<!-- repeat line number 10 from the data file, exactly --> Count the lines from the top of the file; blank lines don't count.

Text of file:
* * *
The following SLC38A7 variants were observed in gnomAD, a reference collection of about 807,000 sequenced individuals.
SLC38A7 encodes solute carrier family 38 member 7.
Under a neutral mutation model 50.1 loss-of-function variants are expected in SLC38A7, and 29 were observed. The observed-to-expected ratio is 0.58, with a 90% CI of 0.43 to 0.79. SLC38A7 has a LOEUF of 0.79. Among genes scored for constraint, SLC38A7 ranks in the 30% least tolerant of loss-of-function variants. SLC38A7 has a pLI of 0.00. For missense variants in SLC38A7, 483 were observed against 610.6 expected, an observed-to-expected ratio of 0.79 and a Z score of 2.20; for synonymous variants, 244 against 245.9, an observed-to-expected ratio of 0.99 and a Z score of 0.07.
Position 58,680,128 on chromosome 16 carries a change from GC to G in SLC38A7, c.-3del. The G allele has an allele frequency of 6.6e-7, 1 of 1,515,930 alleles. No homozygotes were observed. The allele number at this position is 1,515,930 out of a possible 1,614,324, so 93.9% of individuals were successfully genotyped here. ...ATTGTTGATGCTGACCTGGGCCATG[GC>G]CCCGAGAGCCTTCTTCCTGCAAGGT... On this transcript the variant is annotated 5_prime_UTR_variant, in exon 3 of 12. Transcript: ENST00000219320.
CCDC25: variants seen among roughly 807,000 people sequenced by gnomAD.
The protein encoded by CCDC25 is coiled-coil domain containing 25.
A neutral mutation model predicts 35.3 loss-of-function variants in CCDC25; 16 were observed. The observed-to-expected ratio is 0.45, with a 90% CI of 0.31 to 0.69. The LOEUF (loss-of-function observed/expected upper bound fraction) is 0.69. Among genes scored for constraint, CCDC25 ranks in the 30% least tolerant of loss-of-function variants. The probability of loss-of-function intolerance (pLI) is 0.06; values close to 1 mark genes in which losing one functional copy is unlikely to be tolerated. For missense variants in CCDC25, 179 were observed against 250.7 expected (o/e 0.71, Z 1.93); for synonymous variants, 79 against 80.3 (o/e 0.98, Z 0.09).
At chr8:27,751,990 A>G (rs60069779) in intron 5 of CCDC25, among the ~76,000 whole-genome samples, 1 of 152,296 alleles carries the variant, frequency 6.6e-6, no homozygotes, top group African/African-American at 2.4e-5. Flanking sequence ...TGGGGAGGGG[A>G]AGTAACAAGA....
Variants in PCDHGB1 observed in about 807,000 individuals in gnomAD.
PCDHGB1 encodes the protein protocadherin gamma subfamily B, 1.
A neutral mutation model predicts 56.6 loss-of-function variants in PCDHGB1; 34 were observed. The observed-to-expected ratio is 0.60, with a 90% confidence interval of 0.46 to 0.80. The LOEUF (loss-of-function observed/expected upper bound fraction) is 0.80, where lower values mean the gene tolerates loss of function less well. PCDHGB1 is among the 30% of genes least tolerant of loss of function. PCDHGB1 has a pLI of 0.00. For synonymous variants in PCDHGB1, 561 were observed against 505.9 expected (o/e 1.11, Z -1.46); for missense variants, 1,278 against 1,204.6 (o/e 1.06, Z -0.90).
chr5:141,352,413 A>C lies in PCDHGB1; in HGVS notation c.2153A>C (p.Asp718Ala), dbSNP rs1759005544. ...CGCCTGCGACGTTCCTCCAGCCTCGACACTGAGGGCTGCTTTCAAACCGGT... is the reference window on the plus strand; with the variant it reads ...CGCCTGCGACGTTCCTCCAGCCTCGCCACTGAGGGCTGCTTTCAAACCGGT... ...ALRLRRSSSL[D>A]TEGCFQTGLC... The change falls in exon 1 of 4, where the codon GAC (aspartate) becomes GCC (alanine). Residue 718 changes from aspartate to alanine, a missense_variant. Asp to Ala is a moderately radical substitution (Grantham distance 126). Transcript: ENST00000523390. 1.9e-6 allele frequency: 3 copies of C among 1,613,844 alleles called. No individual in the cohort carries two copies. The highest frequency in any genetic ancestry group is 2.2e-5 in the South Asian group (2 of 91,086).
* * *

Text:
PCDHGB1 encodes the protein protocadherin gamma subfamily B, 1.